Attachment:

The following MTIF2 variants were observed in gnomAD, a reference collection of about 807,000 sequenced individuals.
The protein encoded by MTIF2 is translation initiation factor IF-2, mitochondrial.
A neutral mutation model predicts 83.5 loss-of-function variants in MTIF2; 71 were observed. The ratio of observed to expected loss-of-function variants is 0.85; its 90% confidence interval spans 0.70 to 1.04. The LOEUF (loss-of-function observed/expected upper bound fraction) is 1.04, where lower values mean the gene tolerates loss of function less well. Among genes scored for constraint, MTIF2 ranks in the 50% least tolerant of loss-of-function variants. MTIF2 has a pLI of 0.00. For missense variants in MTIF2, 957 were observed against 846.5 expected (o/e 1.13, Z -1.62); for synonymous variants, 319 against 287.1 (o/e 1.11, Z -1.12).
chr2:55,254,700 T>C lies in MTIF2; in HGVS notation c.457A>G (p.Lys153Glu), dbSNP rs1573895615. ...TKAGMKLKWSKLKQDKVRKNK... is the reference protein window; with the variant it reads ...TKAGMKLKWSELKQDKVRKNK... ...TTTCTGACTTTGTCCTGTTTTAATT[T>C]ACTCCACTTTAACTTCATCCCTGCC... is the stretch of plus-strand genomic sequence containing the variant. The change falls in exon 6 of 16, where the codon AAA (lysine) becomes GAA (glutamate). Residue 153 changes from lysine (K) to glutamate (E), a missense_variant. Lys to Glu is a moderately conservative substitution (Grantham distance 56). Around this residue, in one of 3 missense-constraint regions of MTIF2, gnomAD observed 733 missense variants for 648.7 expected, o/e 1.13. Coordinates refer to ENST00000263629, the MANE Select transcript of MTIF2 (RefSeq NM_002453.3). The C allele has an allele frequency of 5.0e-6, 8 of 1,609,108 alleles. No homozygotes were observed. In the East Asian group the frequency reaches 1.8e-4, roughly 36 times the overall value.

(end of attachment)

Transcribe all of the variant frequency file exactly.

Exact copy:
The following MTIF2 variants were observed in gnomAD, a reference collection of about 807,000 sequenced individuals.
The protein encoded by MTIF2 is translation initiation factor IF-2, mitochondrial.
A neutral mutation model predicts 83.5 loss-of-function variants in MTIF2; 71 were observed. The ratio of observed to expected loss-of-function variants is 0.85; its 90% confidence interval spans 0.70 to 1.04. The LOEUF (loss-of-function observed/expected upper bound fraction) is 1.04, where lower values mean the gene tolerates loss of function less well. Among genes scored for constraint, MTIF2 ranks in the 50% least tolerant of loss-of-function variants. MTIF2 has a pLI of 0.00. For missense variants in MTIF2, 957 were observed against 846.5 expected (o/e 1.13, Z -1.62); for synonymous variants, 319 against 287.1 (o/e 1.11, Z -1.12).
chr2:55,254,700 T>C lies in MTIF2; in HGVS notation c.457A>G (p.Lys153Glu), dbSNP rs1573895615. ...TKAGMKLKWSKLKQDKVRKNK... is the reference protein window; with the variant it reads ...TKAGMKLKWSELKQDKVRKNK... ...TTTCTGACTTTGTCCTGTTTTAATT[T>C]ACTCCACTTTAACTTCATCCCTGCC... is the stretch of plus-strand genomic sequence containing the variant. The change falls in exon 6 of 16, where the codon AAA (lysine) becomes GAA (glutamate). Residue 153 changes from lysine (K) to glutamate (E), a missense_variant. Lys to Glu is a moderately conservative substitution (Grantham distance 56). Around this residue, in one of 3 missense-constraint regions of MTIF2, gnomAD observed 733 missense variants for 648.7 expected, o/e 1.13. Coordinates refer to ENST00000263629, the MANE Select transcript of MTIF2 (RefSeq NM_002453.3). The C allele has an allele frequency of 5.0e-6, 8 of 1,609,108 alleles. No homozygotes were observed. In the East Asian group the frequency reaches 1.8e-4, roughly 36 times the overall value.